Thinking back on my Healer Tropes post where I mentioned both Elise and Sakura, I also realized that the brothers also followed stereotypical male tropes as well. The strong older brothers are the leaders, Leo is the cool, calculating, aloof character, and Takumi is the brooding, hotheaded one. Many of the other Fire Emblem games have the older brother characters as the leaders, as the strong ones, while the women tend to favor gentler routes.

Case in point is the cover of Shadows of Valentia. Alm is with his sword, a fighter, while Celica is praying, looking much more passive. I wonder what would have happened had the game switched it up, with the woman being the more aggressive while the man is gentler.

With the brief introduction of the Champion characters in Breath of the Wild, I’m finding that they also follow typical gender tropes. While I personally haven’t met all of them in-game yet, plenty of Internet sources have given me a glimpse of the Champions’ personalities. Mipha and Urbosa are common female tropes, being the gentle, soft-spoken healer and tough, action woman. Daruk appears to be the jolly, father figure and Revali is the arrogant bad boy.

Mr. Panda actually made a comment on the Healer Tropes regarding how White Mages in Final Fantasy games are always female, and how he’s waiting for the day that they can be male as well. Something that I believe Fates did right was take off the gender-restricted classes, such as having a male Pegasus Knight and a female Fighter. It’s a step in the right direction to help combat the more common gender tropes found in video games.

There are always exceptions, of course, and I understand that gifting every video game character a full-fledged developmental arc within the game would be a bit time-consuming. However, as a gamer whose favorite element of a game is the story and the characters, I would like to see more characters having their personalities be based on their thoughts rather than their genders.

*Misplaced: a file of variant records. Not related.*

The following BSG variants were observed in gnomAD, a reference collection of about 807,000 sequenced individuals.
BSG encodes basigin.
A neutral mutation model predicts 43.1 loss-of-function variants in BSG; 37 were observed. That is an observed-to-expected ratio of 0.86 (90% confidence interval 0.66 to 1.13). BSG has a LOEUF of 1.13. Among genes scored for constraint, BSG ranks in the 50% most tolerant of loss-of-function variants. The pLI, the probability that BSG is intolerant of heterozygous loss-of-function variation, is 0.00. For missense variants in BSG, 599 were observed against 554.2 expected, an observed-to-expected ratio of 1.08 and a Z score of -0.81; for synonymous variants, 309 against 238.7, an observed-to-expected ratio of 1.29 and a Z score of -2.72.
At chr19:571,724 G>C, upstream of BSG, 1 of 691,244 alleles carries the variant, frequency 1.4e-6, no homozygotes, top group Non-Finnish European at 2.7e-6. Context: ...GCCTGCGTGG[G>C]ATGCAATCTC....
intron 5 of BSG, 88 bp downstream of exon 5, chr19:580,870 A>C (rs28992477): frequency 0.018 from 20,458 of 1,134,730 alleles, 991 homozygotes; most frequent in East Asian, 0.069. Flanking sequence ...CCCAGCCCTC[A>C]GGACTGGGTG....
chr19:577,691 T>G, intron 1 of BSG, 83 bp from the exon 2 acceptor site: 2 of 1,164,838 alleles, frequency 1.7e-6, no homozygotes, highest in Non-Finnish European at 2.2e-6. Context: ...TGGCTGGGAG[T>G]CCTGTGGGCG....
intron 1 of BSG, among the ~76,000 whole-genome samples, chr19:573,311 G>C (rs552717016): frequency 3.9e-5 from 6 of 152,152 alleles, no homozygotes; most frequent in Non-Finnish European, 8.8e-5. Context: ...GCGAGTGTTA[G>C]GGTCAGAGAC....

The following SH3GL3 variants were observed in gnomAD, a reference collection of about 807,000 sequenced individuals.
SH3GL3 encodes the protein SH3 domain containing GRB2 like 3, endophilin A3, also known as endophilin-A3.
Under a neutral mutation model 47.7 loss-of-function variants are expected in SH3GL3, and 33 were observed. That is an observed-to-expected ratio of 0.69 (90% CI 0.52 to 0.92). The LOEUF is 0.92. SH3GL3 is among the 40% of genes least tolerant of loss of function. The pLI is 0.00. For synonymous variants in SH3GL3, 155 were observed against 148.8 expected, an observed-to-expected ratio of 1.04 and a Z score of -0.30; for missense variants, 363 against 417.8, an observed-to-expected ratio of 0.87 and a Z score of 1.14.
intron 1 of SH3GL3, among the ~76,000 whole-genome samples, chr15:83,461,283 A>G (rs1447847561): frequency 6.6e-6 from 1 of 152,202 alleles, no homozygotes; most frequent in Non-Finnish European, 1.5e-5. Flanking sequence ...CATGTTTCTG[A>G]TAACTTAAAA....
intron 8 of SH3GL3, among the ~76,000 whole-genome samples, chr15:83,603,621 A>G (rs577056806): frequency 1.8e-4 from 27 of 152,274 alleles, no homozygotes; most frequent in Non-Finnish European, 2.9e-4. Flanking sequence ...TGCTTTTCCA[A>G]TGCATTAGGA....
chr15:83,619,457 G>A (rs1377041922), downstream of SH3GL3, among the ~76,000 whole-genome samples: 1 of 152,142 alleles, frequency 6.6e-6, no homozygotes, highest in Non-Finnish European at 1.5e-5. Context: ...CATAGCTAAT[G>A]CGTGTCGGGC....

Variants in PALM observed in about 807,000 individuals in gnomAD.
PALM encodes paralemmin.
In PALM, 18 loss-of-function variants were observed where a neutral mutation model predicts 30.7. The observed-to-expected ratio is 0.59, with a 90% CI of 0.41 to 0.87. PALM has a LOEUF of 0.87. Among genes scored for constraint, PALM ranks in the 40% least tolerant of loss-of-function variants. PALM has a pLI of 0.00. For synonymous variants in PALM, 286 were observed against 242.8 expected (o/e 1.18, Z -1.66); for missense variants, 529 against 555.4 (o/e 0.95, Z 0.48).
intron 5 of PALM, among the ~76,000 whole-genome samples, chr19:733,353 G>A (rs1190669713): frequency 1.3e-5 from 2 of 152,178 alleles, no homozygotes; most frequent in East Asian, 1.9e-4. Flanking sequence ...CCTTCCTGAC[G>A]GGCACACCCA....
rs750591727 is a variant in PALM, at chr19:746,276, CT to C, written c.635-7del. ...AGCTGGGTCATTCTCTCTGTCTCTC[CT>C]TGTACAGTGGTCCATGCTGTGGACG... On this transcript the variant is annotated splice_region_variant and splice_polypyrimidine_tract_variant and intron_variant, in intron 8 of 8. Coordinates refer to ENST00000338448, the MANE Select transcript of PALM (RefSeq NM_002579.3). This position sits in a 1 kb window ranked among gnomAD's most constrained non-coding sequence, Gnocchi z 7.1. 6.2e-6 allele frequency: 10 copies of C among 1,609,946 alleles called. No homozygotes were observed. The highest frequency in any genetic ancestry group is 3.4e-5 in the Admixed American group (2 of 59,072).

What kind of common gender tropes are in your favorite games? Any examples of games that break the normal tropes?

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Healer Tropes

Double Jump Kris MiiIt’s another Monday, and how I wish I could just continue to submerge myself in video game worlds, like Breath of the Wild. There are so many characters to meet there, from all the named NPCs to those who have a more direct role in the story. Yet, even with how unique everyone seems, there still seems to be those who fall into tropes and cliched formulas…

205px-botw_mipha_artworkOn our journey throughout Hyrule in Breath of the Wild, we recently reached Zora’s Domain, learning a bit more of the Divine Beasts and the Zoras role in trying to fight against Calamity Ganon 100 years in the past. The adorable Zora that we saw in the trailers was Princess Mipha, one of the Champions who had controlled one of the Divine Beasts to aid Princess Zelda and Link. From the Zora elders, we’ve learned that Mipha had been a kind, gentle healer.

While Mipha looks adorable and I’m sure I’ll love her character whenever we fully meet her in the game, I was a little exasperated at her following the typical healer trope in video games. Healers are, generally, small, female, and cute. Their main personality trait is either shy or cheerful.